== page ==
Nicholas Copernicus, the renowned astronomer who revolutionized our understanding of the universe by proposing that Earth revolves around the Sun, was also a talented mathematician, engineer, author, economic theorist, and medical doctor. Born in Toru?, Poland in 1473, Copernicus received his education from the University of Kraków and various Italian universities before returning home to work for his influential uncle, Lucas Watzenrode the Younger.
Copernicus made significant contributions to economics during his time as a physician, developing the quantity theory of money and introducing the concept now known as Gresham’s law. However, his most groundbreaking work was his model of the universe, which challenged the prevailing belief that Earth was the center of the universe. Instead, Copernicus argued that Earth and other planets revolve around the Sun. Despite his fear of backlash from the church and fellow scholars, Copernicus published his magnum opus, “De Revolutionibus Orbium Coelestium,” shortly before his death in 1543.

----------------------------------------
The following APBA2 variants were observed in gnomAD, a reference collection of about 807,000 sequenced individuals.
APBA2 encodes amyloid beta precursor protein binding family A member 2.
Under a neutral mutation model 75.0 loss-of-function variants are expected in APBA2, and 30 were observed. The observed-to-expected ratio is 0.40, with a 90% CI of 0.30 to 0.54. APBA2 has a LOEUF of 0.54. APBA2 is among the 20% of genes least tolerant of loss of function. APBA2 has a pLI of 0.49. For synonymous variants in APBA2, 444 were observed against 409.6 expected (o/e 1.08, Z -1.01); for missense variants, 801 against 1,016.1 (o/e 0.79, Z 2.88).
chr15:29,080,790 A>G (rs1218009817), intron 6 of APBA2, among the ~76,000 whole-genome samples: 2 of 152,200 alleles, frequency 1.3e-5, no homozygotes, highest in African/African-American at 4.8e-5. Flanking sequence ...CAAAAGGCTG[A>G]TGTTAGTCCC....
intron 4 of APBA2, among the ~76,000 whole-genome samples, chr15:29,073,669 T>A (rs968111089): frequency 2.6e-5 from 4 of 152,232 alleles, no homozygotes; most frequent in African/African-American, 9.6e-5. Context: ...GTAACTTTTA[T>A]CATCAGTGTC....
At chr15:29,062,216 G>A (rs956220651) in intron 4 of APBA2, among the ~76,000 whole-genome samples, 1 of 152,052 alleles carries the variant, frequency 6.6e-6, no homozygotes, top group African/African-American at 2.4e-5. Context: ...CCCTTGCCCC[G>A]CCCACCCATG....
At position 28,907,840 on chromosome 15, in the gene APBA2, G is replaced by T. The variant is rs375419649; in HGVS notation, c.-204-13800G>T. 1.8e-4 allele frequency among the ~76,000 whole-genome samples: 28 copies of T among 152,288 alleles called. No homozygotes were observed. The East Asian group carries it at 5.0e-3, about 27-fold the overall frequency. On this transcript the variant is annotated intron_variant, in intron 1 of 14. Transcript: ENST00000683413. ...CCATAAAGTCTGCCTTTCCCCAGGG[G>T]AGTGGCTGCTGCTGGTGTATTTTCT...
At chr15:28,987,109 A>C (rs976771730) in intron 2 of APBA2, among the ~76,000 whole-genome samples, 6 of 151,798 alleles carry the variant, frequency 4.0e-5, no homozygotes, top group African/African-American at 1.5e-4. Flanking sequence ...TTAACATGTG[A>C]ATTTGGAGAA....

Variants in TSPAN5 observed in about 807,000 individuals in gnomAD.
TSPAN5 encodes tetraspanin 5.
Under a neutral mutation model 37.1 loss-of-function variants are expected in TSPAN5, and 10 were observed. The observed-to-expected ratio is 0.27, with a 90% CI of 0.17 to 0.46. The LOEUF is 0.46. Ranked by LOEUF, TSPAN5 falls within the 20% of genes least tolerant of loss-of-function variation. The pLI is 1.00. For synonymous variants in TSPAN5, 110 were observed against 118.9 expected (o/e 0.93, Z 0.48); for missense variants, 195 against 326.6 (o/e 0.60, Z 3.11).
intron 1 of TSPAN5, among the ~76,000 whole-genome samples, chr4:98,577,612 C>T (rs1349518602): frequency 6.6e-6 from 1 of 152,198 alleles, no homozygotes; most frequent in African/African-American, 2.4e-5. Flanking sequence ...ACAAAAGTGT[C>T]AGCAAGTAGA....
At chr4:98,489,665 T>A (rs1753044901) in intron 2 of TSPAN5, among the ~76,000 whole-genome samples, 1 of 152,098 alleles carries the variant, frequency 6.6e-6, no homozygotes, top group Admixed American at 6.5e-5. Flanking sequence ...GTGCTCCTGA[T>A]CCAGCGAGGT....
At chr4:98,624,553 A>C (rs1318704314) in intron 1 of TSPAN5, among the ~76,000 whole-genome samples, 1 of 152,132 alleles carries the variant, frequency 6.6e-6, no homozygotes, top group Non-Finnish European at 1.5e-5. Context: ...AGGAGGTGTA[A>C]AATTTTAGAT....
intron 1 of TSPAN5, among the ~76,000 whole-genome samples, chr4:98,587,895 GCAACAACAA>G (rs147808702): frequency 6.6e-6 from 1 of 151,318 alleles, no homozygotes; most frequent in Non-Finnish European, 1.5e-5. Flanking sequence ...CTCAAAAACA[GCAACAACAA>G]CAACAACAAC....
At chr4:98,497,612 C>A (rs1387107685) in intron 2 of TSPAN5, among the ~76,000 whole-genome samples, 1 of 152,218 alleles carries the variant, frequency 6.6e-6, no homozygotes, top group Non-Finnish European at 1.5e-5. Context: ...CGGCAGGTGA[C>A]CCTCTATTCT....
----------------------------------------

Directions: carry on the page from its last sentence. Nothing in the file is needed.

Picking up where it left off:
For centuries, the location of Copernicus’s grave remained unknown until a group of Polish archaeologists took up the search in 2005. Guided by historian Jerzy Sikorski’s theory that Copernicus would have been buried near the altar he was responsible for during his tenure as Canon of Frombork Cathedral, they discovered thirteen skeletons near the Altar of the Holy Cross. Through forensic science techniques and DNA analysis, including comparing DNA from the teeth and bones of the discovered skeleton with hairs found in an astronomical reference book believed to have belonged to Copernicus, it was determined that the remains were highly likely to be those of Nicholas Copernicus.
This monumental discovery not only reveals the final resting place of one of history’s most influential figures but also showcases the power of modern scientific methods in corroborating historical data. Copernicus’s contributions to science continue to shape our understanding of the universe and his multidisciplinary approach as a Renaissance man serves as an inspiration to future generations.